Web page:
VANCOUVER – Alain Vigneault must wonder what it’s like to have a healthy defence.
The Vancouver Canucks head coach will have to wait at least until the playoffs for that to happen, but he had cause for optimism Tuesday as two veterans got closer to a return.
Sami Salo, who was held out of practice leaving Monday’s 4-2 victory over Minnesota, could play in Wednesday against Colorado, while Kevin Bieksa participated in his first full practice since suffering a fractured foot Feb. 15.
“(Salo is) day-to-day,” Vigneault said. “His elbow’s a little numb from that shot that he took (Monday). He’s feeling much better today and he’ll be a game-time decision (Wednesday).”
Salo, who has a history of freak injuries, was hurt in the final minute of the first period Monday when he blocked a Kyle Brodziak slapshot. He was playing only his 16th game of the season after suffering a torn Achilles tendon while playing a form of floor hockey in his native Finland in July.
He has recorded three goals and three assists since his return, with his booming slapshot helping the Canucks defence supply some offence while the third- and fourth-line forwards struggled to score.
“Anybody that knows Sami Salo as a person knows that he’s a great individual,” Vigneault said. “Obviously, it’s unfortunate that he’s gone through some challenging times as a far as a hockey player, but he’s a great person, he’s a great player and when he’s healthy we’re real happy to have him on our team.”
Bieksa was back at practice after some questions arose about is ankle’s durability.
“It was encouraging that I could stay out the whole time,” Bieksa said. “It was nice to be back.”
Bieksa, who was also hurt blocking a shot, says he won’t play against the Avalanche and doesn’t know his status for Friday’s home game against the Phoenix Coyotes.
“There’s a dull ache still there, and when I turn suddenly, but it’s coming,” said Bieksa.
Added Vignault: “Just by watching him skate today, he’s still not quite ready, and it wouldn’t make any sense, because today was his first practice with the team. We’ll have to give him a little more time.”
Vigneault must continue to fill two key absences on the blue-line. Alex Edler is not expected to return until the playoffs after undergoing back surgery in January and Andrew Alberts remains out with a wrist injury.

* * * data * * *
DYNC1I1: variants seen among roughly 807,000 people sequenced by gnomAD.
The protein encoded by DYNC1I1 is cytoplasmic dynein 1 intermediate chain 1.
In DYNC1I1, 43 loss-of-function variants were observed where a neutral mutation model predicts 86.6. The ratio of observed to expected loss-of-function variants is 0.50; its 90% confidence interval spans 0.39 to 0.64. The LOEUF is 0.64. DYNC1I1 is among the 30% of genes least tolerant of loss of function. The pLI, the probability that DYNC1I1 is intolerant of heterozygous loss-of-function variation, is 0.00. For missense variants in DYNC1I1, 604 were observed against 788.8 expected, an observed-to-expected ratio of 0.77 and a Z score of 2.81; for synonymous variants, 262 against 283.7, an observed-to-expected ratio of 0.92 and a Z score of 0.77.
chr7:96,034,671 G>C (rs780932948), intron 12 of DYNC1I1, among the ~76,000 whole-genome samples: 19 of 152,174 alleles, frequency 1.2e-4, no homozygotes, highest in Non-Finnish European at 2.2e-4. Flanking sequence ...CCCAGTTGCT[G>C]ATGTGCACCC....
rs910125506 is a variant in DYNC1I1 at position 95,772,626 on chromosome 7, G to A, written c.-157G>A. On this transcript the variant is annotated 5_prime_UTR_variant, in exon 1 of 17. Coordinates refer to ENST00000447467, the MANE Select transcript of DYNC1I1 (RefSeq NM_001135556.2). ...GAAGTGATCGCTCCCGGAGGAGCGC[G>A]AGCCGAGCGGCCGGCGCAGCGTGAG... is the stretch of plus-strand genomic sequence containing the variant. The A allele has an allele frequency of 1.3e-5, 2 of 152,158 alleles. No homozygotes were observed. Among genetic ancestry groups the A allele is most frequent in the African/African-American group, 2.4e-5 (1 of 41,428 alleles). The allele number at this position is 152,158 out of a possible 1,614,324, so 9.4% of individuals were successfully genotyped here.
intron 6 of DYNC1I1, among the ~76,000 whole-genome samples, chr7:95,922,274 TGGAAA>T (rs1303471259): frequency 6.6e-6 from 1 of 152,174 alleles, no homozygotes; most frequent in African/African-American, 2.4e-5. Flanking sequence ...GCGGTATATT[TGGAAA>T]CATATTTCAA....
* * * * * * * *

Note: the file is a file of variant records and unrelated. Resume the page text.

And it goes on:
Rookie Chris Tanev, still in the NHL following a January call-up from Manitoba of the AHL, and journeyman Aaron Rome have been playing regularly as a result of the latest health woes.
All of Vancouver’s veteran defencemen have missed games to injury and illness this season. But the league-leading Canucks (46-16-9) continue to excel while shuffling in young defencemen like Tanev, Lee Sweatt (out with an ankle injury) and Yann Sauve, who was recalled from Manitoba on Tuesday.
Vancouver has won six straight games—including five on the road—and has allowed a modest 167 goals against this season while often rotating defensive partners.
“Credit has to be given to the guys coming in, but also to the players that have been here all the time and making those guys understand how we play—how we need to play to have success,” Vigneault said. “Our core group, our veteran group has really helped us with the guys that have come in and helped us out.”
Centre Ryan Kesler says the club’s ability to keep winning while dealing with the defensive decimation shows the organization’s depth.
“It’s been going on since I’ve been here for some reason,” said Kesler.
And it will go on a few weeks longer. In the meantime, Vigneault waits until he can learn what it’s like again to make a difficult lineup decision based on a defenceman’s play rather than his health.
“I’m hoping to find that out at some point.”
Notes: Winger Tanner Glass remains out with an undisclosed upper-body injury suffered in practice March 9.